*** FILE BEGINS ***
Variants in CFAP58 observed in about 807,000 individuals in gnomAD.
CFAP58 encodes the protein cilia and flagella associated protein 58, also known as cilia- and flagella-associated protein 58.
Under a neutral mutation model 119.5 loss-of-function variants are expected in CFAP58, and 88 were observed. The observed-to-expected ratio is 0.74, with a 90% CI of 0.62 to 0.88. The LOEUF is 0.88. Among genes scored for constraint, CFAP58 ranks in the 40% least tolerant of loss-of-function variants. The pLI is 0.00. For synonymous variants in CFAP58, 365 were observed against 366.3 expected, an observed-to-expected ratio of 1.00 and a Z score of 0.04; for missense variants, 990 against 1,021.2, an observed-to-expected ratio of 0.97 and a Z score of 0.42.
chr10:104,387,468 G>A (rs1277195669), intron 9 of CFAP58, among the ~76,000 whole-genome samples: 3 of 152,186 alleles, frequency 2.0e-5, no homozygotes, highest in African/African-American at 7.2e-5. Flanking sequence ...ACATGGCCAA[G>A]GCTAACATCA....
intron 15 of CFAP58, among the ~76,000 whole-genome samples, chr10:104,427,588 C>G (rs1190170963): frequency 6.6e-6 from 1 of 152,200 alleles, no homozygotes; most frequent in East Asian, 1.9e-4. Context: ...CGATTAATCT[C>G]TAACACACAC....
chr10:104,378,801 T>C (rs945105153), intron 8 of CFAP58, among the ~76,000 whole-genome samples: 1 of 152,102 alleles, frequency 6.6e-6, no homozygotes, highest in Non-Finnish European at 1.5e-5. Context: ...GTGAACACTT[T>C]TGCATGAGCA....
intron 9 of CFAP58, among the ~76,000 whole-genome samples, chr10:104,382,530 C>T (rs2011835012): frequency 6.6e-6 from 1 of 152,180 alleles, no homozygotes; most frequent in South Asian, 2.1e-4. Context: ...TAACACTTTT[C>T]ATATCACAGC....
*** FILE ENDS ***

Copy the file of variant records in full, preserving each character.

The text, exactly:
Variants in CFAP58 observed in about 807,000 individuals in gnomAD.
CFAP58 encodes the protein cilia and flagella associated protein 58, also known as cilia- and flagella-associated protein 58.
Under a neutral mutation model 119.5 loss-of-function variants are expected in CFAP58, and 88 were observed. The observed-to-expected ratio is 0.74, with a 90% CI of 0.62 to 0.88. The LOEUF is 0.88. Among genes scored for constraint, CFAP58 ranks in the 40% least tolerant of loss-of-function variants. The pLI is 0.00. For synonymous variants in CFAP58, 365 were observed against 366.3 expected, an observed-to-expected ratio of 1.00 and a Z score of 0.04; for missense variants, 990 against 1,021.2, an observed-to-expected ratio of 0.97 and a Z score of 0.42.
chr10:104,387,468 G>A (rs1277195669), intron 9 of CFAP58, among the ~76,000 whole-genome samples: 3 of 152,186 alleles, frequency 2.0e-5, no homozygotes, highest in African/African-American at 7.2e-5. Flanking sequence ...ACATGGCCAA[G>A]GCTAACATCA....
intron 15 of CFAP58, among the ~76,000 whole-genome samples, chr10:104,427,588 C>G (rs1190170963): frequency 6.6e-6 from 1 of 152,200 alleles, no homozygotes; most frequent in East Asian, 1.9e-4. Context: ...CGATTAATCT[C>G]TAACACACAC....
chr10:104,378,801 T>C (rs945105153), intron 8 of CFAP58, among the ~76,000 whole-genome samples: 1 of 152,102 alleles, frequency 6.6e-6, no homozygotes, highest in Non-Finnish European at 1.5e-5. Context: ...GTGAACACTT[T>C]TGCATGAGCA....
intron 9 of CFAP58, among the ~76,000 whole-genome samples, chr10:104,382,530 C>T (rs2011835012): frequency 6.6e-6 from 1 of 152,180 alleles, no homozygotes; most frequent in South Asian, 2.1e-4. Context: ...TAACACTTTT[C>T]ATATCACAGC....